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News: Styer Wins Statewide Leadership Award

April 22, 2015

Ginni Linn
PSATS Director of Communications
Cell: (717) 805-3588 (through April 23, 2015)
Office: (717) 763-0930, ext. 127 (after April 23, 2015)

Berks County Township Manager Wins Statewide Leadership Award

Terry Styer, manager of Lower Alsace Township in Berks County, received the Pennsylvania State Association of Township Supervisors’ 26th Annual President’s Leadership Award this morning at the association’s 93rd Annual Educational Conference and Trade Show in Hershey. Today is the final day of the conference, which attracted attendees from every county in Pennsylvania except Philadelphia, which has no townships.

Each year, the association presents the award, established in 1990, to a township supervisor and a township administrator, such as a secretary or manager, whose outstanding projects or programs have benefited their communities.

Styer, who has more than two decades of municipal management experience, was honored for being a proactive leader who understands the value of working with neighboring communities and others to secure grants, save money, and improve programs and services for local taxpayers.

James Oswald, chair of the township’s board of supervisors, nominated Styer for the award and said that she has made quite an impact on the community in the five years she’s been its manager. Before that, Styer was the chief clerk for Lancaster and Berks counties and manager of Caernarvon Township in Lancaster County.

“Since Terry Styer became manager of Lower Alsace Township, she has led it from a municipality that was run like a ‘mom-and-pop’ shop to a professional organization focused on providing citizens with high-quality public services and facilities at the lowest possible cost,” Oswald said. “In my opinion, and the opinion of the entire board of supervisors, Terry exemplifies the leadership qualities, management talents, and experience that all townships would be thrilled to see in their managers.”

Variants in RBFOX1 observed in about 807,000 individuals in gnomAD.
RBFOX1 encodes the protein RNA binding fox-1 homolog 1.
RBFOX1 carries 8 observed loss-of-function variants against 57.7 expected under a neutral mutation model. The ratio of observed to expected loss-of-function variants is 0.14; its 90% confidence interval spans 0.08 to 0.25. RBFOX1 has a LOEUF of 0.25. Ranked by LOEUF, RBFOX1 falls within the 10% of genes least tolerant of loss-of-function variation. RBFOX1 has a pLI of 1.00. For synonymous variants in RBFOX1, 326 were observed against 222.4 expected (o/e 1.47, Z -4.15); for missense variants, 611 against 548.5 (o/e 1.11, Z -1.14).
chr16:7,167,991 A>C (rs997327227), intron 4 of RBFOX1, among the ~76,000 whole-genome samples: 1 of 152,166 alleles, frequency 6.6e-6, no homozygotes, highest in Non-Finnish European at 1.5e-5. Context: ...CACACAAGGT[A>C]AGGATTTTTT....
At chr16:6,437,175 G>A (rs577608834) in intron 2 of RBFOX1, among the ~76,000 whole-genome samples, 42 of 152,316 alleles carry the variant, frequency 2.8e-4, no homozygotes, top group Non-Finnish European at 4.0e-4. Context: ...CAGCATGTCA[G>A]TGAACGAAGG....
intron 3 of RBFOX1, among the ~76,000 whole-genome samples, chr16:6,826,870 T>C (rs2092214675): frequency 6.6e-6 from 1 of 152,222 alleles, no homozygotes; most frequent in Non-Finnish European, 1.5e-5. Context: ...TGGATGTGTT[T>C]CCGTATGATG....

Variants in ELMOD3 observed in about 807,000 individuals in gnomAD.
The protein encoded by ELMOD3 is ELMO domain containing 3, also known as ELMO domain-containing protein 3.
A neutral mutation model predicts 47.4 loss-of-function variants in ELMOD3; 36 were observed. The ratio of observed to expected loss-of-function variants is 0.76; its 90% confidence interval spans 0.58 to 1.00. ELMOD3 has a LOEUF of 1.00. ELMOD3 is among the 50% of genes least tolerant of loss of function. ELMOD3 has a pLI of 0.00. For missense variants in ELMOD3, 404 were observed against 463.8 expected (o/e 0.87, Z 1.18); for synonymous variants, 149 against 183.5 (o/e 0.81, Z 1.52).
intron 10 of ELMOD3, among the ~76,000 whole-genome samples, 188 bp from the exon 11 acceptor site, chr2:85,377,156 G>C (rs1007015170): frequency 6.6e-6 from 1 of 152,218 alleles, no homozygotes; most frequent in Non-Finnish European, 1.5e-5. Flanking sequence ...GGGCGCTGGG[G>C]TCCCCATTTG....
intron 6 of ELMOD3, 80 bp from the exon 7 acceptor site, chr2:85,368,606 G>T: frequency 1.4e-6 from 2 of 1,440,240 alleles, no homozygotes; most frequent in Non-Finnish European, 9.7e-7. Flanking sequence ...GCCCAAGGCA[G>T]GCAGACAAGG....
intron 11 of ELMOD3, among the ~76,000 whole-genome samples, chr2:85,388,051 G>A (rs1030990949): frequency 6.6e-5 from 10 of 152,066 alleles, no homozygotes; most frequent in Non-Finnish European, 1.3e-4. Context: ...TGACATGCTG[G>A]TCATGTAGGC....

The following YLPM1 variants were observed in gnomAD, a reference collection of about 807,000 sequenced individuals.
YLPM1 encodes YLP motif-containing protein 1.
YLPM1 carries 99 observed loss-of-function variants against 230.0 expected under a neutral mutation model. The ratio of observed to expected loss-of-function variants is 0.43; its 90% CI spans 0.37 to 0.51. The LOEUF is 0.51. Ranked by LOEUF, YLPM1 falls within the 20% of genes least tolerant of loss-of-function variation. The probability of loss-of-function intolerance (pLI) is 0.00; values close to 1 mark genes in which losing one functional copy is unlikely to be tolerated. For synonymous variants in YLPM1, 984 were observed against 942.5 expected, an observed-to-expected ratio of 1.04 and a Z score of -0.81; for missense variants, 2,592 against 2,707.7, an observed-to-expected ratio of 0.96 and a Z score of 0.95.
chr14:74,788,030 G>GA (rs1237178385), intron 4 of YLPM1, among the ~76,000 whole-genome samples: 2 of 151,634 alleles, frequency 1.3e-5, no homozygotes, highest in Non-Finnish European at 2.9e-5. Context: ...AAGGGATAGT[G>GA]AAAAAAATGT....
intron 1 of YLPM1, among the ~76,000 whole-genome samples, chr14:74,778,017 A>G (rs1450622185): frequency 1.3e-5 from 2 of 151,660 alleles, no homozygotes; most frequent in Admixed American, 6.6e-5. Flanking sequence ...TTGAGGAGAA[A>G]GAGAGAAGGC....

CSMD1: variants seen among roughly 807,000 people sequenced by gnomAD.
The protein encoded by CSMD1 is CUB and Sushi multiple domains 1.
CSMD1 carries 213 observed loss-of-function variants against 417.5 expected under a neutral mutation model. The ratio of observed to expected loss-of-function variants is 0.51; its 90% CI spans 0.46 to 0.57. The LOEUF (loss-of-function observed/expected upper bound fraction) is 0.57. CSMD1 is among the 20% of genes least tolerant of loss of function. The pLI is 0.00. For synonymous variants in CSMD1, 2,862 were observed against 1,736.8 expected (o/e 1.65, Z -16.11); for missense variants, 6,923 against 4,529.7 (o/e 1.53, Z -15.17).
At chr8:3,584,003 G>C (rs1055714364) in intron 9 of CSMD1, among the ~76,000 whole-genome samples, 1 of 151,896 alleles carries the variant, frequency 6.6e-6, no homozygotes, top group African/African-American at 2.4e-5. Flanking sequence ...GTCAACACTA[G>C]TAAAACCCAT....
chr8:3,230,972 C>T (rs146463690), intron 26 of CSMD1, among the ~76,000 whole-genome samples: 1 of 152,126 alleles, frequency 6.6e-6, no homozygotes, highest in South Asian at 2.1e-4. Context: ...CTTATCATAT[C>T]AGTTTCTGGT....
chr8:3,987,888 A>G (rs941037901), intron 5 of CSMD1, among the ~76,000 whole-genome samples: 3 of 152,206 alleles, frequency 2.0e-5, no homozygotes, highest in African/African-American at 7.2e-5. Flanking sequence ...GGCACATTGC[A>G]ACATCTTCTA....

Township solicitor Michael Setley agreed: “Terry is exactly the sort of person that Pennsylvania local governments need at the helm.”

Calling Styer “tireless and mission-oriented,” Setley praised the township manager for not only taking care of the day-to-day details in the municipality but also for encouraging the supervisors and other local officials to focus on the bigger picture.

Under her leadership, the township and neighboring Mount Penn Borough have been working together on several initiatives, including police protection, code enforcement, water, sewer, and fire service, and zoning to curb urban blight. She also secured state funding and widespread community support to revitalize the 27-acre Carsonia Park, a project that has helped to unify area officials and residents.

“Not only has Ms. Styer’s work on this project resulted in an exceptional plan, but it has also galvanized civic leadership and municipal cooperation that, frankly, has been absent from our community,” said Jay Worrall, president of the Antietam Valley Community Partnership. “These are giant steps forward for our community, and it is Terry Styer’s tireless work that has made them possible.”

Worrall noted that although Styer is a dynamic force in the community, much of the manager’s work is done behind the scenes and goes unrecognized.

“Though these [strides] would not have been possible without her, Ms. Styer’s name is rarely mentioned when we celebrate them,” he said. “This is perhaps the most striking feature of her leadership and is an essential characteristic of an outstanding municipal manager.

“Terry has an amazing ability to deflect recognition and give credit to the political and civic leaders with whom she works. I am hopeful that with this nomination, we can give her the credit that she so greatly deserves.”

In addition to managing Lower Alsace Township, Styer is active in several professional organizations and is a member of PSATS’ Secretary-Manager Committee.

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The Pennsylvania State Association of Township Supervisors represents Pennsylvania’s 1,454 townships of the second class and is committed to preserving and strengthening township government and securing greater visibility and involvement for townships in the state and federal political arenas. Townships of the second class cover 95 percent of Pennsylvania’s land mass and represent more residents — 5.5 million — than any other type of political subdivision in the commonwealth.